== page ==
Qsymia is an FDA approved drug used to manage weight in obese and some overweight adults who may have weight-related medical problems such as high blood pressure (hypertension), type 2 diabetes, or high cholesterol (dyslipidemia). The drug is intended to be used in combination with a healthy diet and exercise.
However a Risk Evaluation and Mitigation Strategy (REMS) is used for the drug because of the effects that Qsymia can have on fetuses. The purpose of the Qysmia REMS is to ensure that prescribers and females using the drug are aware of and take appropriate actions to prevent such effects.
Possible risks include congenital malformation, especially orofacial clefts (cleft palate and lip, for example) in the first trimester of pregnancy. Because of these risks women who want to use Qsymia must explicitly prevent pregnancy, and discontinue Qsymia immediately if pregnancy occurs.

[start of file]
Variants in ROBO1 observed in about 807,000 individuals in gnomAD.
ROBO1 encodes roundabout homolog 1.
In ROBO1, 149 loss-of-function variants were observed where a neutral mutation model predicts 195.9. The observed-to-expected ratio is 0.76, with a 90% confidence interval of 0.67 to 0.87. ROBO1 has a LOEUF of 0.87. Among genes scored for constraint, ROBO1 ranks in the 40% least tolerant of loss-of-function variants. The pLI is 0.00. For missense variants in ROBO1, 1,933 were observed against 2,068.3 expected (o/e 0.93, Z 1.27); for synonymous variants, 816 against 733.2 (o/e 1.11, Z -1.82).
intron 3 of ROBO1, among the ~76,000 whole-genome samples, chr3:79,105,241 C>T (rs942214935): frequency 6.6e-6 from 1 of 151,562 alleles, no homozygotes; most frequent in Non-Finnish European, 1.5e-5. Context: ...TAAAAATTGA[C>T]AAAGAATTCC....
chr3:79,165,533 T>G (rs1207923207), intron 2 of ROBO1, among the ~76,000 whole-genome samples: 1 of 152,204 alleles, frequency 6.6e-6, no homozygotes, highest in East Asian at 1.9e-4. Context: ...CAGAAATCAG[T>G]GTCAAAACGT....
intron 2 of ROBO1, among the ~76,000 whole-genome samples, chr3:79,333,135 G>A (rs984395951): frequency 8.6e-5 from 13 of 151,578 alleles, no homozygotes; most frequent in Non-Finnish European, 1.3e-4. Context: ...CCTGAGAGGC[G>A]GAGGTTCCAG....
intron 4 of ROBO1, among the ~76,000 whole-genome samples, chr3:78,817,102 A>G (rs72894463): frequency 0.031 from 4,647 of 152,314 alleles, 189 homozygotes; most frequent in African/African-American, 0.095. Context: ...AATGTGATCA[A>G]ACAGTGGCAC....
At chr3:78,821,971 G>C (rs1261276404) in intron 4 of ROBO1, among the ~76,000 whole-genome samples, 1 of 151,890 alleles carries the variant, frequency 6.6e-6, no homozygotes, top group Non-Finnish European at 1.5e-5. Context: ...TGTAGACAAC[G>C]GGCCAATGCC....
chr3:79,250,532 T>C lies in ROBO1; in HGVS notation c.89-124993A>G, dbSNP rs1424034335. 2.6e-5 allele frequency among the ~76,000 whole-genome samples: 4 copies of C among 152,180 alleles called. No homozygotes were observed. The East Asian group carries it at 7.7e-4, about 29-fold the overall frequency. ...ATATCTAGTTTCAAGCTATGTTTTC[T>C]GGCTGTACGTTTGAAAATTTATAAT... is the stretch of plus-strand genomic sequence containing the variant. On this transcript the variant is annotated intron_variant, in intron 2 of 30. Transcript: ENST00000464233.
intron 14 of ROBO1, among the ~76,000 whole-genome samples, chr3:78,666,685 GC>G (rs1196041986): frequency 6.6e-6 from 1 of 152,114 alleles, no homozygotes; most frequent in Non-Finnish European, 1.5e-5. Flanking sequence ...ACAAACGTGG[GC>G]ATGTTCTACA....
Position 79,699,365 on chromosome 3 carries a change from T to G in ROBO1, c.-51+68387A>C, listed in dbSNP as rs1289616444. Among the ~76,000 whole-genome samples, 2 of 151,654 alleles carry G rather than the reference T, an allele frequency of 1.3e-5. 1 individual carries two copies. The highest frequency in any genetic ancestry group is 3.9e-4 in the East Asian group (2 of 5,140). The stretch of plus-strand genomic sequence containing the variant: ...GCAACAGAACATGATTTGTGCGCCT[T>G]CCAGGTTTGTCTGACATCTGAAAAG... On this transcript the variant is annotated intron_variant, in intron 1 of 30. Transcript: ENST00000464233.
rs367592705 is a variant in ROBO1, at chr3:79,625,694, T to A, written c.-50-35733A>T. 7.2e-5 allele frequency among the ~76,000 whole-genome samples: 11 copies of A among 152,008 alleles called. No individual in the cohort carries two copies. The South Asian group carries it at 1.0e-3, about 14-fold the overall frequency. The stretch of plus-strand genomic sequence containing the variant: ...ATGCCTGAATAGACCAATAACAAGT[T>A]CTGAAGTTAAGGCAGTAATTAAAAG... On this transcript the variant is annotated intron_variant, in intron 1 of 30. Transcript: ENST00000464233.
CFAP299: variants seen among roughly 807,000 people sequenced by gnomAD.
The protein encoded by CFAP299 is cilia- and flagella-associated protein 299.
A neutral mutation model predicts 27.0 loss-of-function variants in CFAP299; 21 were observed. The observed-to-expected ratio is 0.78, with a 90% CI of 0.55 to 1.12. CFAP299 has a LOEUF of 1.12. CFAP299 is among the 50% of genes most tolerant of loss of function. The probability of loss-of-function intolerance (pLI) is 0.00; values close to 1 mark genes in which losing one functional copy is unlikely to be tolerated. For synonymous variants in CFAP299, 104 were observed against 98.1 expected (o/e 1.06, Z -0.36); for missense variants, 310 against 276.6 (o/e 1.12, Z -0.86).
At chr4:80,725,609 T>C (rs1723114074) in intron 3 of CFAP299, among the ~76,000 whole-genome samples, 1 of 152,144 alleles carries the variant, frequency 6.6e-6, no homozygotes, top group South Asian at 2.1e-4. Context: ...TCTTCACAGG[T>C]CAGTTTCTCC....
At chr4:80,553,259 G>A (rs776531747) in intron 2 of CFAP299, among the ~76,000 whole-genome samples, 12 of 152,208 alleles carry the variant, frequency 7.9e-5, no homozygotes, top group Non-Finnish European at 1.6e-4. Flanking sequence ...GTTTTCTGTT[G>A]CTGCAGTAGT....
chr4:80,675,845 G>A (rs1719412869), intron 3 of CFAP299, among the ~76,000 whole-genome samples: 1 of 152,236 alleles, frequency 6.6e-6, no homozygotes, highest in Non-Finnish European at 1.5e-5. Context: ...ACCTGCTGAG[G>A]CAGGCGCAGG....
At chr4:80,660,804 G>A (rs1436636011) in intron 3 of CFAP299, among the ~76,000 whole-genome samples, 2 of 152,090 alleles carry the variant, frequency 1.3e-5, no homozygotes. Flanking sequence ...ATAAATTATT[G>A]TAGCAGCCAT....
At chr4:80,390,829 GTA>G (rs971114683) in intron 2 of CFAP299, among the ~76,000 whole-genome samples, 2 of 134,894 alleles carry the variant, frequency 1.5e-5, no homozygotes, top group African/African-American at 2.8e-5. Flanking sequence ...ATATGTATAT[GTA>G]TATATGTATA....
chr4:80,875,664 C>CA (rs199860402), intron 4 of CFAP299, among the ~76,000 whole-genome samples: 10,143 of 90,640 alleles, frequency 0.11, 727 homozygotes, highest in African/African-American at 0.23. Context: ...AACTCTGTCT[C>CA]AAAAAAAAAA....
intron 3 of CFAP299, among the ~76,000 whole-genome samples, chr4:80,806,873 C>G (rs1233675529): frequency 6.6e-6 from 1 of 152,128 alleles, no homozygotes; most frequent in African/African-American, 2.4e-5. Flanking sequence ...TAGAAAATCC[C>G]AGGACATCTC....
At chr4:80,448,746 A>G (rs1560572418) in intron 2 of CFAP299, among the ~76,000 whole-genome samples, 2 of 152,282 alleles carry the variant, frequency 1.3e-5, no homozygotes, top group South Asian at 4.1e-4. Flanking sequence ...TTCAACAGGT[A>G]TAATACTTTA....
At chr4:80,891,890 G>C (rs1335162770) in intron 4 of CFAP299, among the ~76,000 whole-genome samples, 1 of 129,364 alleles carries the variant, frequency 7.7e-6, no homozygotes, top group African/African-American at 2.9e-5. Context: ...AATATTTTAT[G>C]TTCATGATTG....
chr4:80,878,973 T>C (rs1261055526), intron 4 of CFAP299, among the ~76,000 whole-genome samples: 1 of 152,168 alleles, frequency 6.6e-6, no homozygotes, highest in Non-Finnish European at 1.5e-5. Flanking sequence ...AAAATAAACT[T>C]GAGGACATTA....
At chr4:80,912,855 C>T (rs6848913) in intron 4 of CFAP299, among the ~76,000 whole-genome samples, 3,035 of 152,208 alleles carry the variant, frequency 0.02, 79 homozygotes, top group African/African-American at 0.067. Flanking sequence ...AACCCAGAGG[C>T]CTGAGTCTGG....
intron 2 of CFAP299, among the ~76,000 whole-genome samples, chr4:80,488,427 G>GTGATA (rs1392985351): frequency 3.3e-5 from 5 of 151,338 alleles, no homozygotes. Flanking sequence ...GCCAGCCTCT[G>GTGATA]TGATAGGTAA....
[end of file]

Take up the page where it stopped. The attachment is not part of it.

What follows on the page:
The strategy is similar to that used for the drug Isotretinoin (marketed as Accutane), which is used to treat severe nodular acne. Isotretinoin REMS requires women using the drug to agree in writing to using two forms of birth control, and have regular pregnancy tests before, during and after taking the drug.
Dr. Ross notes The possible teratogenic effects of Qsymia must be widely disseminated to all physicians who might prescribe the drug for weight loss. And they must make every effort to ensure their female patients take appropriate actions to either prevent pregnancy while using Qsymia, or stop using it if they do become pregnant.